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I was asked this question and couldn't come up with an answer on the spot which didn't involve the frequency domain (basically that the co-efficients of the delay sequence are the impulse response of a FIR filter).

Does anyone have any insight which makes this process 'obvious'?

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When you delay a signal by $T$ seconds and add it to the signal itself, you are cancelling out or nulling the signal component at frequency $\frac{1}{2T}$ Hz since that signal component will have changed phase by exactly $\pi$: $$\begin{align} \sin\left(2\pi\frac{1}{2T}t + \theta\right) + \sin\left(2\pi\frac{1}{2T}(t-T) + \theta\right) &= \sin\left(2\pi\frac{1}{2T}t + \theta\right) + \sin\left(2\pi\frac{1}{2T}t + \theta - \pi\right)\\ &= \sin\left(2\pi\frac{1}{2T}t + \theta\right) +\sin\left(2\pi\frac{1}{2T}t + \theta\right)\cos(\pi)\\ &\ \hspace{0.2in}-\cos\left(2\pi\frac{1}{2T}t + \theta\right)\sin(\pi)\\ &= \sin\left(2\pi\frac{1}{2T}t + \theta\right) -\sin\left(2\pi\frac{1}{2T}t + \theta\right)-0\\ &= 0. \end{align}$$ A similar thing happens at odd multiples of $\frac{1}{2T}$ Hz also. For nearby frequencies, the cancellation is not as complete, and of course, at even multiples of $\frac{1}{2T}$ Hz, the signal component is doubled in value instead of being cancelled. Similarly, if the delayed signal is reduced in amplitude, cancellation is not complete at $\frac{1}{2T}$ Hz etc.

To summarize, the signal is being filtered because different frequencies are being passed through with different gains.

If you want the frequency-domain explanation, the transfer function $H(f)$ of the system is the Fourier transform of what Matt's answer gave as the impulse response, viz. $$\mathcal F\left[\delta(t) + \delta(t-T)\right] = 1+\exp(-j2\pi fT)$$ which is a nonconstant function of $f$ (in fact, $|H(f)|$ varies sinusoidally from a maximum of $2$ to a minimum of $0$ as discussed above), and so $Y(f)=H(f)X(f)$ is not a scalar multiple of $X(f)$. Filtering!

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  • $\begingroup$ Sorry for the delay - how would I go from here (that filtering is interference) to the necessity that filtering is convolution of the two signals? I can see it (algebraically) from the sum of two cosines formula, but I can't intuit a reason why. $\endgroup$ – Tom Kealy May 2 '13 at 15:07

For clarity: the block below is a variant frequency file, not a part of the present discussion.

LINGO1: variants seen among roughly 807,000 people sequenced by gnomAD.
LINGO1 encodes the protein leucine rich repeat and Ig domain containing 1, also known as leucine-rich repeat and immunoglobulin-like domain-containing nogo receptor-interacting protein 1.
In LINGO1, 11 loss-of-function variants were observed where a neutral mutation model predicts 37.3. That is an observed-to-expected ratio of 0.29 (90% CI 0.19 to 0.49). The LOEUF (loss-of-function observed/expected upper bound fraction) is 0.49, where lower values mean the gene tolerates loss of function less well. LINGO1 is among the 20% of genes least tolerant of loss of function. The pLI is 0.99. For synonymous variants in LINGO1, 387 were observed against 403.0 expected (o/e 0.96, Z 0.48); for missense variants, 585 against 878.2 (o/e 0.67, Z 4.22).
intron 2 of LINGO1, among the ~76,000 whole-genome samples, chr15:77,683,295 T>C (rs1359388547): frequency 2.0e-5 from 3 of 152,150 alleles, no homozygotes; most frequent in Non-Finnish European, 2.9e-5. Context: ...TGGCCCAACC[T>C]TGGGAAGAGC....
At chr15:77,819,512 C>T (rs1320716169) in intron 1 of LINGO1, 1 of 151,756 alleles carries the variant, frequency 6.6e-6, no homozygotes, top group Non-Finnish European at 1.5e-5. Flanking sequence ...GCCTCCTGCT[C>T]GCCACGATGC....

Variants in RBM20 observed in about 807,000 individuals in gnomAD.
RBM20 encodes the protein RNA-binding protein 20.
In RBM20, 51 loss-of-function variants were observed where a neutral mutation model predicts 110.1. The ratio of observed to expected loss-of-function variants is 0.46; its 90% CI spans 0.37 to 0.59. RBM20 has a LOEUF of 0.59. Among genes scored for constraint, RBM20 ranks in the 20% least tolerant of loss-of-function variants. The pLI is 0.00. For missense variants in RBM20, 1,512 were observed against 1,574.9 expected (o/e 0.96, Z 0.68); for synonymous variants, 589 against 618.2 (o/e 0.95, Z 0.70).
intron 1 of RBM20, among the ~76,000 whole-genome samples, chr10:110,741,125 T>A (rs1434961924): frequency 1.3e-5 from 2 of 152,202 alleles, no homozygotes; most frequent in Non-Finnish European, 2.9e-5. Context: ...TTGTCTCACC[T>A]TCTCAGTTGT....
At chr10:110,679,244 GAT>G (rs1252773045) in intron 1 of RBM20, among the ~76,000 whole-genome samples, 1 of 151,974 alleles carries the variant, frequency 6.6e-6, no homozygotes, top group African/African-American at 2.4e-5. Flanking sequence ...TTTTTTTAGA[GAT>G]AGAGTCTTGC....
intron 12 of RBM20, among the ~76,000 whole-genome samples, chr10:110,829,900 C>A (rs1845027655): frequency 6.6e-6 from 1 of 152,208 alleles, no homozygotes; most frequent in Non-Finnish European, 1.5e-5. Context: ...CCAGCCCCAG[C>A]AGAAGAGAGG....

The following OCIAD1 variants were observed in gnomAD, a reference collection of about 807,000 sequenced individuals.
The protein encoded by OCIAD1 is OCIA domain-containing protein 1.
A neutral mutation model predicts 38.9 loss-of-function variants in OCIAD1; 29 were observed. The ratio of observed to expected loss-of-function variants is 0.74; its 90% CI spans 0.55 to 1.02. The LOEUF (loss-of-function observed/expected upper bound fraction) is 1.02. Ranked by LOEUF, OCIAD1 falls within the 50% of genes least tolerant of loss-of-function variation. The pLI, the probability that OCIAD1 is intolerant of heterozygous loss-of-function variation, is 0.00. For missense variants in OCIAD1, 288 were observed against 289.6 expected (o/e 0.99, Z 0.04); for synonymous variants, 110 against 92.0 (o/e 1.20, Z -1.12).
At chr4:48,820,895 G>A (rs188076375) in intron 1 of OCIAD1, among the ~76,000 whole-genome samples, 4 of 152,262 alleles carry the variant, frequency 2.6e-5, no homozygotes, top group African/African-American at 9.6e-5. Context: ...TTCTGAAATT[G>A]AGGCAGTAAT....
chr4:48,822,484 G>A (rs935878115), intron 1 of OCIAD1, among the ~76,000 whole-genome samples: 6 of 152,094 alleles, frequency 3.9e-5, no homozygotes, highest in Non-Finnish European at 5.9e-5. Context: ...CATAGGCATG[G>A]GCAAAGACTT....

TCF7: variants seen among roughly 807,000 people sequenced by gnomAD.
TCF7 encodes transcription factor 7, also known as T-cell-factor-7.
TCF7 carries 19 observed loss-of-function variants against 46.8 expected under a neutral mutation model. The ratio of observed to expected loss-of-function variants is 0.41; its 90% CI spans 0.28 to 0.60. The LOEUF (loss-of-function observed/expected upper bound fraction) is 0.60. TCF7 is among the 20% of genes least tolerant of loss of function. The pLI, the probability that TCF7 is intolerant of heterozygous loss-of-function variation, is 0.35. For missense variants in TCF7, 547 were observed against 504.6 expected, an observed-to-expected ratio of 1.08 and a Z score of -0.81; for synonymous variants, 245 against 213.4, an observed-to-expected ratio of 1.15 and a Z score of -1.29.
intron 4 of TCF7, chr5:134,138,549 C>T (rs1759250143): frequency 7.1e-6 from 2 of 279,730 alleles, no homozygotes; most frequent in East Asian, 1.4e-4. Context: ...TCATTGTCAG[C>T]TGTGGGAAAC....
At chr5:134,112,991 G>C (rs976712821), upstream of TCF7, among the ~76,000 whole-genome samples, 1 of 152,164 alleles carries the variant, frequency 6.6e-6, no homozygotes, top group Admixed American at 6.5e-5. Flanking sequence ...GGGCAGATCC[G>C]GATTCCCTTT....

• $\begingroup$ Please explain what you mean by "filtering is interference". I don't understand this notion at all $\endgroup$ – Dilip Sarwate May 2 '13 at 21:31
  • $\begingroup$ Well, we've just established (or have we?) that adding two signals together with different phases is equivalent to filtering with a time delay because the waves interfere. How would I go (in the time domain) from there to convolution? $\endgroup$ – Tom Kealy May 3 '13 at 17:24
  • $\begingroup$ I still don't understand the question. $x(t)+x(t-T) = y(t)$ is the output of a filter with impulse response $h(t) = \delta(t)+\delta(t-T)$ whose input happens to be $x(t)$, as has been pointed out in Matt's answer. If you want to write the output as a convolution, you can write $$y(t) = x\star h = \int_{-\infty}^\infty x(t-u)h(u)\,du = \int_{-\infty}^\infty x(t-u)[\delta(u)+\delta(u-T)]\,du$$ where, when you evaluate the integrals using the sifting property of impulses, you get $x(t)+x(t-T)$ which you knew already. $\endgroup$ – Dilip Sarwate May 3 '13 at 20:00
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If you define (linear time-invariant) filtering as convolution, then the answer is obvious: the sum of a signal and a delayed version of it can be written as a convolution with an impulse response $h(t)$: $$h(t) = \delta(t) + \delta(t-T)$$ where $T$ is the delay between the two versions of the signal.

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If the time delay of the delayed added version of a signal is exactly one cycle of any periodic content, then the output will be additively increased. If the delay is exactly half the period of any sinusoidal component, then that component will destructively interfere, and thus be zero-ed out of the output. If the delay is zero, then the signal will be doubled. For frequency/phase combinations that are between complete destructive interference or complete addition, the additive result will also be in between.

Increasing and decreasing the output depending on the frequency content of the input is typical filtering.

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